According to PYMNTS.com’s January 2021 “Online Security And The Debit-Credit Divide” survey, 44% of consumers who use debit cards shifted to other payment methods while the remainder has not adopted payment alternatives. The largest share of these shifters, 18%, now favors credit cards while 16% use PayPal and another 16% tap digital wallets. Credit cards remain the most popular way to pay online, cited by more than 4 in 10 consumers surveyed.
As technology grows, so does the convenience of paying with credit cards on digital wallet apps like Apple Pay and Google Pay.
Have Digital Wallets Impacted How We Spend?
As if the convenience of paying with a credit card couldn’t get any easier, it has with the introduction of digital/mobile wallets. In 2021, digital wallets accounted for nearly half (49%) of global e-commerce transaction value, far outpacing credit cards, which were in second place at 21%, according to FIS.⁴
Americans and people all over the world are now tapping their phones for purchases, getting rid of the need for cash, or carrying their credit or debit card in their wallets. Statista estimates that in 2022, contactless mobile payments will be accessed by almost a third of U.S. smartphone users, up from 25.3% in 2018.
According to Consumer Reports, new forms of payment may do even more to dull the mental connection between spending and having less money. In research done by Priya Raghubir, Professor of Marketing at New York University, she asked people to rate on a 100-point scale how similar credit cards are to cash, with 100 representing cash. The average response: 72. When she asked about Apple Pay (digital wallet), the average was 56. The research clearly shows the feeling of spending cash is not the same as the feeling of spending with a digital wallet, similar to paying with a credit card, enticing people to spend more with the tap of their phone.
Credit Card Debt in America
Credit cards are an easy scapegoat when overspending occurs and might actually be the right source to blame. As of June 2022, the average American holds about $5,221 in credit card debt.⁵
According to Nature.com’s “Neural Mechanisms of Credit Card Spending” report, studies show that shoppers with credit cards are willing to spend more on items, check out with bigger baskets, focus on and remember more product benefits rather than costs, and make more indulgent and unplanned purchase choices. The ease of swiping the card with no immediate repercussions is leading to more credit card debt among Americans.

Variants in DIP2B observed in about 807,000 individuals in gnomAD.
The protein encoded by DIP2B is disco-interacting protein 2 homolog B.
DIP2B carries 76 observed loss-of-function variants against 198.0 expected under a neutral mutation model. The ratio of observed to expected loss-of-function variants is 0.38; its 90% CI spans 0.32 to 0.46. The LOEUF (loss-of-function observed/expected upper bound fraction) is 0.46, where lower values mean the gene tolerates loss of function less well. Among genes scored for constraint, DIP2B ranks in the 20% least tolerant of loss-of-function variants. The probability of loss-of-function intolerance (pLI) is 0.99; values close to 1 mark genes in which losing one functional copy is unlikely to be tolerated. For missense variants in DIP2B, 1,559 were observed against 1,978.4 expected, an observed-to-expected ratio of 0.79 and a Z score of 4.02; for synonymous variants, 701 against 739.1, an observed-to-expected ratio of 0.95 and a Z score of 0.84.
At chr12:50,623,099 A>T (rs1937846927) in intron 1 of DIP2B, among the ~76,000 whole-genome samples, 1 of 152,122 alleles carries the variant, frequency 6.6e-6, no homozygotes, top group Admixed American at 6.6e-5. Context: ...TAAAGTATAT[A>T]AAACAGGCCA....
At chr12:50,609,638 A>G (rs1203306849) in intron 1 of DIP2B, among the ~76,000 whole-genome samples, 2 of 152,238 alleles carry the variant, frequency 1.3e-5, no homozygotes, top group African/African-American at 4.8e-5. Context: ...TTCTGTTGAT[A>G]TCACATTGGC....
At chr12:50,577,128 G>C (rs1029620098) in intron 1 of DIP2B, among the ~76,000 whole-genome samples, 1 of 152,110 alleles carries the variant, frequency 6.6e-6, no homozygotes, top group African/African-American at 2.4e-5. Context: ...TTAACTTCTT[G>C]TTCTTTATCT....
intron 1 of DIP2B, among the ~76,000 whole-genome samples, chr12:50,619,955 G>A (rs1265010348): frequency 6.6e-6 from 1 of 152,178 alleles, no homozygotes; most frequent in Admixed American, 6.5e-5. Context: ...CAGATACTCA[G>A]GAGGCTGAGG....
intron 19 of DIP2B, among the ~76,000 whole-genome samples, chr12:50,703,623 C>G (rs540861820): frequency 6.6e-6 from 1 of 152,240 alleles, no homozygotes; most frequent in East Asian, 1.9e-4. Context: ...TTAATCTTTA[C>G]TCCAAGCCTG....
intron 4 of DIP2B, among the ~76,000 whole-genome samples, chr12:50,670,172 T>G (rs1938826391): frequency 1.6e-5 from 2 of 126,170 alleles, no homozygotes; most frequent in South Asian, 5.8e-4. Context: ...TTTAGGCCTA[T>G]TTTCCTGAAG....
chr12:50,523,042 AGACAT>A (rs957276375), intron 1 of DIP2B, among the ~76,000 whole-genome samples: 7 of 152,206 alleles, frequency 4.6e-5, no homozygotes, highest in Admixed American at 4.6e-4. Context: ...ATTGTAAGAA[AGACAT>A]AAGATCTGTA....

Whether you want to believe it or not, credit cards have made it easier and quicker for Americans and people all over the world to spend money. As credit card usage increases and digital wallets become more widely available, we could see the amount of money spent during a credit card transaction vs. cash increase even more than now.
It’s always a good idea to keep an eye on your credit card bills, don’t spend money you can’t pay off, and pay off your balance monthly to avoid hefty interest charges. We also have more tips on dealing with credit spending and debt.
Featured Image Credit: Upgraded Points
Frequently Asked Questions
The method we prefer here at Upgraded Points is something called the “avalanche” method. This requires you to focus on paying off the card with the highest interest rate first:
- Put cards in order from highest interest rate to lowest.
- Make the monthly minimum payment for each account.
- Put any extra money toward the account with the highest interest rate.
Hitting your credit limit can hurt your credit score, increase your minimum monthly payment, and increase interest charges. If possible, you should always try to avoid maxing out your credit cards.
Yes, spending with credit cards allows you to build credit, earn rewards, and track your spending. Keep in mind that when spending with credit cards, do not spend more than you can afford to pay off at the end of every month.
A mobile wallet allows you to use your phone to store credit card, debit card, coupons, or reward cards information. Apps such as Apple Pay and Google Pay are examples of mobile wallets. The mobile wallet allows you to pay at certain stores with the swipe of your phone.